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St Patrick’s Day lah: Five things Malaysians and Irish have in common

St Patrick’s Day lah: Five things Malaysians and Irish have in common

Top of the morning to ya... 'makan' already ah? — Pictures courtesy of Heineken Malaysia Top of the morning to ya… ‘makan’ already ah? — Pictures courtesy of Heineken Malaysia KUALA LUMPUR, March 6 — March is the month to embrace being Irish. 

St Patrick’s Day brings Europe to the Caribbean to Africa to South America and Asia, Malaysia included — no other national day is celebrated on such a worldwide scale.

It doesn’t matter if you have Irish blood, mingled with the cheerful chaps from the Emerald Isle or have even met a man from Ireland; pull on a green hat and grab a pint of Guinness — everyone’s Irish on March 17

But maybe all that we love about Ireland is more than just its national day. Maybe Malaysians and Irish aren’t so different after all. 

Maybe, just maybe, there are more intrinsic familiarities shared between these two great nations than we truly give credit for. 

Here’s a few things we’ve learned.

1. Distinctive, often bizarre, language

For each country, there is a handful of their own expressions unique to its people. 

No better word can sum up a feeling of frustration like aiyo! in Malaysia. Irish folk meanwhile will cheerfully pour scorn on a foolish eejit, an alternative pronunciation of idiot. 

See also walao meaning “what the heck” (Malaysia) and craic meaning the crack, a source of fun (Ireland).

2. Both countries have many names for Guinness

In keeping with lingo — Ireland and Malaysia have a number of terms for Guinness.

Don’t be surprised to hear the men and women of Dublin ordering a “pint of Gat” when they approach the bar in Guinness heartland. It can also be ordered by asking for a “pint of plain” or famously “the black stuff.” 

Malaysia is less ambiguous — it’s simply a pint of stout, although in Hokkien it can also be Or Gao, meaning black dog. 

Guinness by any other name is still Guinness.Guinness by any other name is still Guinness.

3. Mythical creatures

Ireland doesn’t quite indulge in superstition like certain parts of Asia, but the ginger-haired leprechaun is something of a national icon, often spotted at the end of rainbow’s sitting atop of a pot of gold.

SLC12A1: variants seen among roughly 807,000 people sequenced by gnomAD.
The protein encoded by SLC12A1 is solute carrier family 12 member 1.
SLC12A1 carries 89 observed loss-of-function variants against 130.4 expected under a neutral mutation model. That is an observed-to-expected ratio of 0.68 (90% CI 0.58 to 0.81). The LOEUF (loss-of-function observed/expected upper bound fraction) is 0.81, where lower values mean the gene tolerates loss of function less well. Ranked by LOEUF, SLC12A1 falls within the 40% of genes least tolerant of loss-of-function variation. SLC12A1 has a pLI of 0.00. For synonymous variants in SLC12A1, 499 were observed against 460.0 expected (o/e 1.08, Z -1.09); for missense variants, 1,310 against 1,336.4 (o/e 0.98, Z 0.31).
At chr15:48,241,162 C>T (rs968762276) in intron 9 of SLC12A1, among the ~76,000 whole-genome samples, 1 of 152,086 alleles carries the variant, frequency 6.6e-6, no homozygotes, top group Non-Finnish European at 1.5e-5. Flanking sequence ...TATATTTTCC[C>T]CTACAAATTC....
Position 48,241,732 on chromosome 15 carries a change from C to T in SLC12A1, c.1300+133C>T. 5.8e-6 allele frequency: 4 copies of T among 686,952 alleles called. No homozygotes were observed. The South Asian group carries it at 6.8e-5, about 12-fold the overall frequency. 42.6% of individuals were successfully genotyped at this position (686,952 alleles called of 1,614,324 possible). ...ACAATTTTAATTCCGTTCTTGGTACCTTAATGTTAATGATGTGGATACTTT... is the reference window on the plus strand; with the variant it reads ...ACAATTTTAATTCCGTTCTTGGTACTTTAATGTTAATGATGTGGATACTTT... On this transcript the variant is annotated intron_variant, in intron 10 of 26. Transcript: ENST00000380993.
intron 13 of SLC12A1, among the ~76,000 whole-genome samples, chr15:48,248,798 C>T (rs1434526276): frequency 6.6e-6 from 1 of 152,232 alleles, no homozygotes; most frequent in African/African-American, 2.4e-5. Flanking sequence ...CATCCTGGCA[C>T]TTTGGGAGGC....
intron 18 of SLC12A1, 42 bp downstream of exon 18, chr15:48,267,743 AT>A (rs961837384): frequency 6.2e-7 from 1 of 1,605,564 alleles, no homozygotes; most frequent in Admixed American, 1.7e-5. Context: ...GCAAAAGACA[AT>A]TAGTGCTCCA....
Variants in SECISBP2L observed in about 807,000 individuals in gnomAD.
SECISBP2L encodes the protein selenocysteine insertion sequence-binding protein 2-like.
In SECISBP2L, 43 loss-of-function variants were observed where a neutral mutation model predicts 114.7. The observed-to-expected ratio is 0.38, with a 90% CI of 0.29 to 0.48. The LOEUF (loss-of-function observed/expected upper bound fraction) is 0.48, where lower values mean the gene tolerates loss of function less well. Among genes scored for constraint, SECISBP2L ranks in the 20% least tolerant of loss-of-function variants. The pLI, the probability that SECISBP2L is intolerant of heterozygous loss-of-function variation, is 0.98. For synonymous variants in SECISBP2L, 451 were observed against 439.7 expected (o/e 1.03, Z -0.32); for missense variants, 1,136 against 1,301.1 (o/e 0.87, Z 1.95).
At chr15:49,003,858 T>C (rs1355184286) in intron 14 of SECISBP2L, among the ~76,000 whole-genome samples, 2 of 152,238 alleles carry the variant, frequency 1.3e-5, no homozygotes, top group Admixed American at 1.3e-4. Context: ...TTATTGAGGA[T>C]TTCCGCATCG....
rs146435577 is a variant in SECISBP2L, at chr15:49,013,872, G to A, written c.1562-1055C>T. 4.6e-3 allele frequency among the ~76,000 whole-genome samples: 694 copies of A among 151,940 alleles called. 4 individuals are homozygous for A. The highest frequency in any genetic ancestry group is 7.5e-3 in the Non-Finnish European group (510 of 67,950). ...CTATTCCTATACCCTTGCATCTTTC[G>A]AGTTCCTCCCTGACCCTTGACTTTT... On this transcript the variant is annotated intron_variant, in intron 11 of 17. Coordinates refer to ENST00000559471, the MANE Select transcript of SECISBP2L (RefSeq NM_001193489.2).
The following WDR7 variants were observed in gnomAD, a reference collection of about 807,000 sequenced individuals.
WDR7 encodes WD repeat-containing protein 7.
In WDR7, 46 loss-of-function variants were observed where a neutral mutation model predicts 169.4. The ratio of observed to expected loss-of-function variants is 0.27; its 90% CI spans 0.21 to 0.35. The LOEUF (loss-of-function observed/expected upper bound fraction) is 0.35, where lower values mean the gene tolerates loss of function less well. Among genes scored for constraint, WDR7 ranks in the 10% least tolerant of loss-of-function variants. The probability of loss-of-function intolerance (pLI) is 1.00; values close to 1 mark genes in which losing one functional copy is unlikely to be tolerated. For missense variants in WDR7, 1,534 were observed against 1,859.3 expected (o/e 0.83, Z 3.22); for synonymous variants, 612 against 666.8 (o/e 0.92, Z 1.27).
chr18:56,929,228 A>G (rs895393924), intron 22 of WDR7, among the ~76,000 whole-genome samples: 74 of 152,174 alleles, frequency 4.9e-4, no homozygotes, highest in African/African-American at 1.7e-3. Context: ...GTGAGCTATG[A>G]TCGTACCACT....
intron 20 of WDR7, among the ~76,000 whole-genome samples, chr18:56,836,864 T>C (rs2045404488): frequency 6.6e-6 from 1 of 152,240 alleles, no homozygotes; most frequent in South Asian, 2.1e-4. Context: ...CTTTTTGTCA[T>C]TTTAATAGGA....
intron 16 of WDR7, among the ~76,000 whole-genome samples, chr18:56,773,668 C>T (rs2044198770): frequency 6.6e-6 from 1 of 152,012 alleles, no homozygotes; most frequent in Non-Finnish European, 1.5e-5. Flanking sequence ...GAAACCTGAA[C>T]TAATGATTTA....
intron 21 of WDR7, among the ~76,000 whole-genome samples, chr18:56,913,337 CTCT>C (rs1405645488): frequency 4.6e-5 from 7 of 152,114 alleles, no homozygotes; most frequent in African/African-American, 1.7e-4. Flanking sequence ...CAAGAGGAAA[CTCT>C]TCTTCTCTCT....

The toyol is kind of similar but not as benevolent. The creature can be purchased from a bomoh and used for mischievous purposes. 

4. Neighbourly banter

We’re all friends here. But that doesn’t mean some light-hearted ribbing goes amiss. 

In this case it’s Malaysia who’ll scoff at the achievements of its relatives in the south — Singapore and Indonesia. 

The Irish likewise like to engage in some verbal jousting with the British who sit just off the coast.  

5. Laid back lovelies

Funny, generous, kind, warming — whose people does this describe best?

It could be either Malaysia or Ireland. Both countries having a reputation for being welcoming to others, in general. 

Even this Irishman, who relocated to Langkawi a few years back, listed Malaysia’s greatest asset as the people who “take life as it comes.”

Send in a creative photo of yourself in a St Patrick's Hat! Send in a creative photo of yourself in a St Patrick’s Hat! This year, there’s more reason than ever to get involved with St Patrick’s Day — 10,000 more.

Until March 31, Guinness will bring Malaysians together the Irish way by giving away 10,000 free bottles/glasses as part of its St Patrick’s Hat-Trick campaign.

To get involved, follow the simple steps:

1. Buy a set of Guinness.

2. Get your free St Patrick’s Hat.

3. Share unique and creative photos wearing your hat using #StPatricksHatTrick #GuinnessMY.

4. Winners receive one set of five Guinness bottles/glasses.

Now there’s reason to cheer!

* Brought to you by Guinness. 

Note: An earlier version of the article contained an error which has since been corrected.

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